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South Carolina, Georgia troopers boost traffic enforcement

Georgia reports 7 traffic fatalities

Friday, Nov. 29, 2013 7:27 PM
Last updated Saturday, Nov. 30, 2013 1:42 AM
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If you’re traveling through South Carolina or Georgia this Thanksgiving weekend, expect to see the South Carolina Highway Patrol and the Georgia State Patrol out in full force.

Troopers have been lining the roads and operating DUI checkpoints since Wednesday, Lance Cpl. Judd Jones, of the South Carolina Highway Patrol, said, and they will continue to crack down on seat belt and speeding violations through Sunday evening.

“We’re trying to be proactive in our enforcement,” he said. “Our goal is to have zero fatalities on our roadways.”

Jones couldn’t provide a number for the weekend so far, but said there have been 684 fatalities across the state in 2013, compared to 776 in 2012.

That number could continue to decline as seat belt usage rises, Jones said.

“Our seat belt usage has continued to increase around the state,” he said. “That’s the one thing that’s helping fatalities stay down.”

In Georgia, there have been seven traffic fatalities since Wednesday evening, according to the Georgia Department of Public Safety Web site. Last year, state troopers reported 11 fatalities during the Thanksgiving holiday period.

The highest number of traffic deaths ever recorded for the holiday period was 43 in 1969, according to a statement from the state’s public safety department. The low mark was set in 1949, when there were just four fatalities statewide.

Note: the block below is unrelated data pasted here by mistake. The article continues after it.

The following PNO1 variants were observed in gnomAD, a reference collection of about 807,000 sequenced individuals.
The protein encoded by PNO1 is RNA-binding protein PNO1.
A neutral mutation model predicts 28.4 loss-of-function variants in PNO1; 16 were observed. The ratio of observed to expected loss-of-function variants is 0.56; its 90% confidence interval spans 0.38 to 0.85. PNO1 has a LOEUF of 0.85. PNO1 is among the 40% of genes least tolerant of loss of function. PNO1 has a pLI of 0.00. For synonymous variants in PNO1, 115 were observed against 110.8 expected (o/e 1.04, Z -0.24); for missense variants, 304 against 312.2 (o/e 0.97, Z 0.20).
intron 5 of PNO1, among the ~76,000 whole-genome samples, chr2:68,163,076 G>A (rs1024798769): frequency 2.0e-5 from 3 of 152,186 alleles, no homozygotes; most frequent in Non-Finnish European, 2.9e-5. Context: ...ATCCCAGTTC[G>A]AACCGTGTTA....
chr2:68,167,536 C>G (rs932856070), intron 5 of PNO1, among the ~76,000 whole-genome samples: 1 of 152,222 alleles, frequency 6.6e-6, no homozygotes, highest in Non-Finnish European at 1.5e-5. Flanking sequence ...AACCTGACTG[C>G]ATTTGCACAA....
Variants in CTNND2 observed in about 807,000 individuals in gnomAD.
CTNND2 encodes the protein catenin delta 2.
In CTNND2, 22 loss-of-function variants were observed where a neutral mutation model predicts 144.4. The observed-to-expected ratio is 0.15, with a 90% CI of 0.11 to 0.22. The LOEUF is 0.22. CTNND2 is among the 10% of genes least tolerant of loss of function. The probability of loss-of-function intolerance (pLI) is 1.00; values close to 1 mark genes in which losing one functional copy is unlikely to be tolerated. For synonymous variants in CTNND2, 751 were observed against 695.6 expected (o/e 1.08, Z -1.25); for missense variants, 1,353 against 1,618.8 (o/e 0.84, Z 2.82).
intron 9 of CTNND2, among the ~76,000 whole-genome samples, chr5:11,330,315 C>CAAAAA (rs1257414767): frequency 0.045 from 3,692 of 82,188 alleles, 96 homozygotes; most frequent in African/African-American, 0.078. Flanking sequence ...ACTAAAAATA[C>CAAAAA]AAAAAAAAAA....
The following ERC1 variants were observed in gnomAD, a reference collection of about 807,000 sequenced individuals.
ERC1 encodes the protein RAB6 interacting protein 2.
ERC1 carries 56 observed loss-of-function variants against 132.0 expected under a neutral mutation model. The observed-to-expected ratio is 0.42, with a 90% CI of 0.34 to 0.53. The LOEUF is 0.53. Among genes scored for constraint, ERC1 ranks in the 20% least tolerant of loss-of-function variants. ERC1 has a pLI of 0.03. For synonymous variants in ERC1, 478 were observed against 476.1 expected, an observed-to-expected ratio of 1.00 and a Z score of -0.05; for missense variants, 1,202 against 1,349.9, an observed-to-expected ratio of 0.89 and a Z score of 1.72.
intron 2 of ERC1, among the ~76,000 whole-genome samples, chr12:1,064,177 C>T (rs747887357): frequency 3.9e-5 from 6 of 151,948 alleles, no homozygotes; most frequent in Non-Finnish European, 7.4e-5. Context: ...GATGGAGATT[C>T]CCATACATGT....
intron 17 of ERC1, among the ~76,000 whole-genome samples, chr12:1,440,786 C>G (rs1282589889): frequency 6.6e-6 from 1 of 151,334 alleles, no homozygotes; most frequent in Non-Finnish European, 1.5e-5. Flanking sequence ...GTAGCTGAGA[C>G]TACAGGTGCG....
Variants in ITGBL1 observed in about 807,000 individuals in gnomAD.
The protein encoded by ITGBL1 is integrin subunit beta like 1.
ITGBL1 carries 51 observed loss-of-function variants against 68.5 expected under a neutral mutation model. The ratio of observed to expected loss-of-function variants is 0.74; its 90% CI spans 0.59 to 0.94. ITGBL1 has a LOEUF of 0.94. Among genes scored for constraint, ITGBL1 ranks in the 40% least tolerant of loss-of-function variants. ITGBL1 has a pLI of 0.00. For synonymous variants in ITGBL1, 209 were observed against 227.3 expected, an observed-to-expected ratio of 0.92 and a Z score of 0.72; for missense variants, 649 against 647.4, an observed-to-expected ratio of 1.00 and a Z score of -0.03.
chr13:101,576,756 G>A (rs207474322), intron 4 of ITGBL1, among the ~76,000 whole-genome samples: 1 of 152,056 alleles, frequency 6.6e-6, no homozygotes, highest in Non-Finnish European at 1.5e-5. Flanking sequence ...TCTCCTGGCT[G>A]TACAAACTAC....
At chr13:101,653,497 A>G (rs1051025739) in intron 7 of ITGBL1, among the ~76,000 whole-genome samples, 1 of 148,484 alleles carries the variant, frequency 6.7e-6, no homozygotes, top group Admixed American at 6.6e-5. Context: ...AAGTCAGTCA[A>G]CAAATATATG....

Georgia State Patrol troopers will keep an eye out for impaired drivers this weekend. During last year’s holiday period, state troopers arrested 324 for DUI, according to the statement.

“Enjoy the Thanksgiving holiday, but also know that if you drive impaired, you will go to jail and your vehicle will be impounded,” said Colonel Mark McDonough, the commissioner of the Georgia Department of Public Safety, on Monday.

The Georgia State Patrol has reported more than 200 crashes so far this Thanksgiving holiday, resulting in more than 119 injuries.

In South Carolina, the highway patrol locks down on roadways for the duration of the week.

Jones said the Wednesday before Thanksgiving and the following weekend see more drivers on the road who are entering and leaving the state.

South Carolina Highway Patrol’s Troop 7 pays special attention to I-20 and Atomic Road during the holiday season, Jones said, but troopers also analyze traffic statistics in the weeks leading up to major holidays in order to address other problem areas.

Targeted areas should expect see DUI checkpoints and an increase in trooper presence to influence good driving behavior.

“We can’t do it by ourselves,” Jones said. “We ask anyone who sees an impaired driver to give us a call. We want to keep the roadways safe.”


For adults wishing to add alcohol to their celebrations, AAA is teaming with Bud Light to offer free tows and rides to a safe location within a 10-mile radius through Sunday for people in Georgia, Florida and Tennessee through the Tow to Go program. It is available to AAA members and nonmembers alike.

For service, call (855) 2-TOW-2-GO or (855) 286-9245.

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GiantsAllDay 11/30/13 - 03:37 am
Ok you guys, throw me in jail

Ok you guys, throw me in jail for not wearing a seatbelt. Remember folks, Georgia only has misdemeanors and felonies. No infractions in Georgia. Only state in the union that does it this way? Why? I wrote my senator and my house rep in Atlanta. Both of them told me to f---c---k off. Why?

david jennings
david jennings 11/30/13 - 08:32 am

I welcome the presence of law enforcement anywhere I see them. Of course, I abide by the law so I don't have any problem with police. There are enough offensive drivers to keep officers busy 24/7 on Bobby Jones alone.